print on ra-4 paper by using dektol?

Discussion in 'Film and Processing' started by norayr, Nov 25, 2019.

  1. hello, i have got a b&w kodak portra paper, but it is for ra-4 process, i. e. it has dyes instead of silver.

    however, i don't have ra-4 chemistry, i have dektol. i know, c-41 film is possible to process with d-76, so i guess, may be that ra-4 paper is possible to develop with dektol?

    so, i actually don't even understand, which side of the paper i need to expose.

    with usual b/w paper i understand.

    so this paper has two sides - one dark and one later becomes the back of the image with "kodak" text on it.

    so when i printed on dark side - nothing happened, but when i printed on the white side, i guess, for some time i saw the picture when the paper was in dektol. and later it disappeared.

    i was unable to use this paper, but first, i'd like to know

    - if it's actually possible to use this paper with dektol and regular fixer.
    - which side i need to print to.

    thank you.
    Henricvs likes this.
  2. Photo paper almost always has a curl. Almost always, the emulsion side is the inside surface of a concave curve. If you dampen the tip of a finger and touch the emulsion side, the paper will feel sticky (gelatin overcoat). You can test a small piece in the light by observing the action when you plop it in the developer. One side blackens, this is the emulsion side.

    This paper uses salts of silver as a catalyst. The exposed paper is plopped in the RA-4 developer. It contains an ordinary B&W developer and a color developer. The B&W developer seeks exposed silver salts and reduces them to a tuft of silver and a halogen (iodine, chlorine, bromine). The halogen is dissolved in the waters of the developer. The tuft of silver is opaque metallic silver. The waters of the developer contain dissolved oxygen. As the tuft materializes, oxygen combines. This is the catalyst that triggers the color developer to react with incomplete dyes in the paper emulsion. These form a B&W dye image.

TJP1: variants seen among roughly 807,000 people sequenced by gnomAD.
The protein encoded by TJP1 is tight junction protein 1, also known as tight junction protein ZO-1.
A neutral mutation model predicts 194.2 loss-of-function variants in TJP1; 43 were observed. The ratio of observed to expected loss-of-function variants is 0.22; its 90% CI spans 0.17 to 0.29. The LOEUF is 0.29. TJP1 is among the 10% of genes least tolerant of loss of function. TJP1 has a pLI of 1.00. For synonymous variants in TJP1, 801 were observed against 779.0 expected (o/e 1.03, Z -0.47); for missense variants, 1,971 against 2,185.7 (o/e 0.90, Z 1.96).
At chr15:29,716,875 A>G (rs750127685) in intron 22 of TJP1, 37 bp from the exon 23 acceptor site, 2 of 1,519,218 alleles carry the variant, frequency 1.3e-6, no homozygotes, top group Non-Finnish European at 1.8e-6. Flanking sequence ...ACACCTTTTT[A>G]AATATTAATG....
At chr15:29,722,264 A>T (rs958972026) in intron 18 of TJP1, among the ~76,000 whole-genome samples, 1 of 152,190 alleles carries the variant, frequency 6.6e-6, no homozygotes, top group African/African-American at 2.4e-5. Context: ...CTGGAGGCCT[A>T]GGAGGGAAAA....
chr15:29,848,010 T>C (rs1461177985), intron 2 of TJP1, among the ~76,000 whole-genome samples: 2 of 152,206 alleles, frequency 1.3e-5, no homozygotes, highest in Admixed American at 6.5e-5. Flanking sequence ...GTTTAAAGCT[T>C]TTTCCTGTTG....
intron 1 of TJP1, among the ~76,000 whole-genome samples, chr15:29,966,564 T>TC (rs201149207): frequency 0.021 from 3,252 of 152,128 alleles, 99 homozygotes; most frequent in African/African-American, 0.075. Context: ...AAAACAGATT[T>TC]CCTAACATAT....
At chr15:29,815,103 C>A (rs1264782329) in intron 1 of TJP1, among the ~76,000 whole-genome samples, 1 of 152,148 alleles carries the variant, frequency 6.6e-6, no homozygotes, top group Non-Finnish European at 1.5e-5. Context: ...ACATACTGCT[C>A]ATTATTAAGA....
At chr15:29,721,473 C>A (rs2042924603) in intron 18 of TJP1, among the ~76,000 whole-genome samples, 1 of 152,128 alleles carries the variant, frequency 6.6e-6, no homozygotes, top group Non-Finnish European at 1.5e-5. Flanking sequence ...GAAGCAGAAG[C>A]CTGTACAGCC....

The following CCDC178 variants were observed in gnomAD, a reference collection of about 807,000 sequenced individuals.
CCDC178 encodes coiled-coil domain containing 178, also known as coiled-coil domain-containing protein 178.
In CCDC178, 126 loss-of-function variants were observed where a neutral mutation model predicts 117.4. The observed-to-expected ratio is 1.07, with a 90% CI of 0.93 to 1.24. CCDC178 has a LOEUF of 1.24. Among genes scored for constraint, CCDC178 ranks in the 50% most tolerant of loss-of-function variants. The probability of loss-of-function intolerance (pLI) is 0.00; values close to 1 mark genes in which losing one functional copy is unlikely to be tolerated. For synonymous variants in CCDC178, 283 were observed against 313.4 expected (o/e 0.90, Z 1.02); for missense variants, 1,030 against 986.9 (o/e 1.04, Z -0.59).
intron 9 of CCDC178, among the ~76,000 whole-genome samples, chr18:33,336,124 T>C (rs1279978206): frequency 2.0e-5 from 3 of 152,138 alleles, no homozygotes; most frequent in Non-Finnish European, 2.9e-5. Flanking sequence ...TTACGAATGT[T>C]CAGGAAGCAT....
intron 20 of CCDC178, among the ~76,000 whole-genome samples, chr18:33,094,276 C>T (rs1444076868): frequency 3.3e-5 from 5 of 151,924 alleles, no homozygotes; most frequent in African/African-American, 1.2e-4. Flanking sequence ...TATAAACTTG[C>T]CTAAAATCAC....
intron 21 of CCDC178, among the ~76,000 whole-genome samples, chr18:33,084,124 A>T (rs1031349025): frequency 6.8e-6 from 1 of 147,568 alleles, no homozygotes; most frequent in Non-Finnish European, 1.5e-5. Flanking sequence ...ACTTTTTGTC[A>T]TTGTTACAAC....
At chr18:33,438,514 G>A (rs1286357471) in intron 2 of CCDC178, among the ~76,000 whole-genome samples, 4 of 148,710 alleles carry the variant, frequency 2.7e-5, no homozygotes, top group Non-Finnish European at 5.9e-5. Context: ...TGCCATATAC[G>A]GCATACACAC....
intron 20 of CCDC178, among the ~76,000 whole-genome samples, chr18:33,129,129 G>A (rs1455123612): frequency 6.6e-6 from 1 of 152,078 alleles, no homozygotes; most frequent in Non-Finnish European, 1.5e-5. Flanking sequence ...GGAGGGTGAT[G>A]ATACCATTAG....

The tufts of silver will veil the dyes, They are revived by a silver bleach (EDTA) which is a chelator. It grabs the silver tuft and changes it back to a silver salt. An ordinary fix bath will dissolve silver salts. The silver bleach and the fix solution are combined in a single solution called a bleach-fix.

    You can develop this paper in Dektol, After development is complete, rinse in water and then fix in a black & white fixer.

    Seem an expensive way to make inferior black & white prints. Why not buy some black & white paper?

    Also, double check what safelight to use with this paper, it's likely panchromatic, If true the safelight is likely a very dim orange used to help you not trip in the darkroom.
  3. I don't know where the OP got his paper, but I have 50 sheets of Fuji Crystal Archive in 24x36 inch size.

    I am sure that I will never use it all in RA-4 chemistry, though haven't actually thought about trying it
    in Dektol. First I have to get a paper cutter big enough.

    The #13 safelight is the usual one with color paper (and Panalure). The word "light" should not be
    used when discussing it, though the #10 is even darker. (I have one of those, too, but haven't
    tried it yet.)

    There are some Fuji papers that require two #13 filters together. I suspect that you don't see
    anything when you do that.

    I have at least once exposed the wrong side of RC paper. Curl is pretty reliable for
    fiber based paper, but quite as good for RC paper.

    I don't think you can read the back of paper with a #13 safelight. I once dropped some
    on the floor with a #13, and didn't find it until I turned on the lights.

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